When I got back to my office after the show, I had a voice mail from O’Reilly Factor producer Rob Monaco:
MONACO: “We just wanted to thank you for appearing on the show. I realize the segment didn’t turn out exactly the way we had discussed, but we think you did a great job. And Bill was very pleased.”
David Safavian, the Bush administration’s former chief procurement official, was indicted today by a federal grand jury on five felony counts of “making false statements and obstructing investigations into high-powered Republican lobbyist Jack Abramoff,” the AP reports.
Harriet Miers may have broken through glass ceilings on her way to a Supreme Court nomination, but President Bush’s “work wife” has a long way to go with gender stereotyping in mainstream media coverage. Need proof? Compare news coverage in the days after her nomination with coverage this summer of the John Roberts nomination:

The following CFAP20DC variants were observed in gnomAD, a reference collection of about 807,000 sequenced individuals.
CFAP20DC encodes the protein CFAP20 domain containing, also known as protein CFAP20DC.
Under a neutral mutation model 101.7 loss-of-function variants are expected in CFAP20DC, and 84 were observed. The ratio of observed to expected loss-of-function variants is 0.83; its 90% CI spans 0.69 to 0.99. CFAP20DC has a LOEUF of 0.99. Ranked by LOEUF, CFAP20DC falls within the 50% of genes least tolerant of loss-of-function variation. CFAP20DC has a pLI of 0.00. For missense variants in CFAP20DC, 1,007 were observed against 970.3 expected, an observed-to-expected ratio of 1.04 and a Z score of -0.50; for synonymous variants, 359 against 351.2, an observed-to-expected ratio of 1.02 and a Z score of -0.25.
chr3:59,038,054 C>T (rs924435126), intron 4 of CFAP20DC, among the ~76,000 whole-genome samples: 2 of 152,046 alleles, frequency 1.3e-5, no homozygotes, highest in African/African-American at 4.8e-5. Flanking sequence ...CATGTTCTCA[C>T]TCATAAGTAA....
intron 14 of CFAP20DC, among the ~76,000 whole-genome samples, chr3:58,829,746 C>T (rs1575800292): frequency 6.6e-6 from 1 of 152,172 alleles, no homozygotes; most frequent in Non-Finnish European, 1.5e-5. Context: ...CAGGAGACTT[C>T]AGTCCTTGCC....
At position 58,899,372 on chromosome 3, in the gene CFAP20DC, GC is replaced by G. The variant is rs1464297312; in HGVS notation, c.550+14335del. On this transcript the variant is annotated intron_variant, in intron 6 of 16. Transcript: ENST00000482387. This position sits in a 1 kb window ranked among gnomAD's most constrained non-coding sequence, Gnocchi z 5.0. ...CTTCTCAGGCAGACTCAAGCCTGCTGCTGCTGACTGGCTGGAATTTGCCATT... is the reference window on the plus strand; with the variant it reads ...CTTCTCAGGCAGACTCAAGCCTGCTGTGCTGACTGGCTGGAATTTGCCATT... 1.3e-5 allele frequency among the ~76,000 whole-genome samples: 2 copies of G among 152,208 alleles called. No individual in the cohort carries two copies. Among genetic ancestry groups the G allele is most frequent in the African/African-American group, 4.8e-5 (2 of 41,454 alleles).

ROBERTS : “A career that had been marked by distinguished and relentless advancement.” (LA Times, 7/25/05)
MIERS: “She’s not somebody who is a gossip.” (AP, 10/4/05)
ROBERTS: “Brilliant but self-deprecating, earnest but not humorless.” (Boston Globe, 7/21/04)
MIERS: “She never misses a birthday.” (LA Times, 10/4/05)
ROBERTS: “Exceptional intellect. Exceptional temperament. A conservative judicial philosophy.” (LA Times, 7/25/05)
MIERS: “She makes a wonderful sweet potato pie. Many marshmallows.” (AP, 10/3/05)
ROBERTS: “Disciplined, self-assured and performance driven.” (Chicago Tribune, 7/24/05)
MIERS: “She would look at you blankly if you mentioned the name of a designer.” (Bloomberg, 10/4/05)
MIERS: “A pit bull in size 6 shoes.” (New York Times, 10/3/05)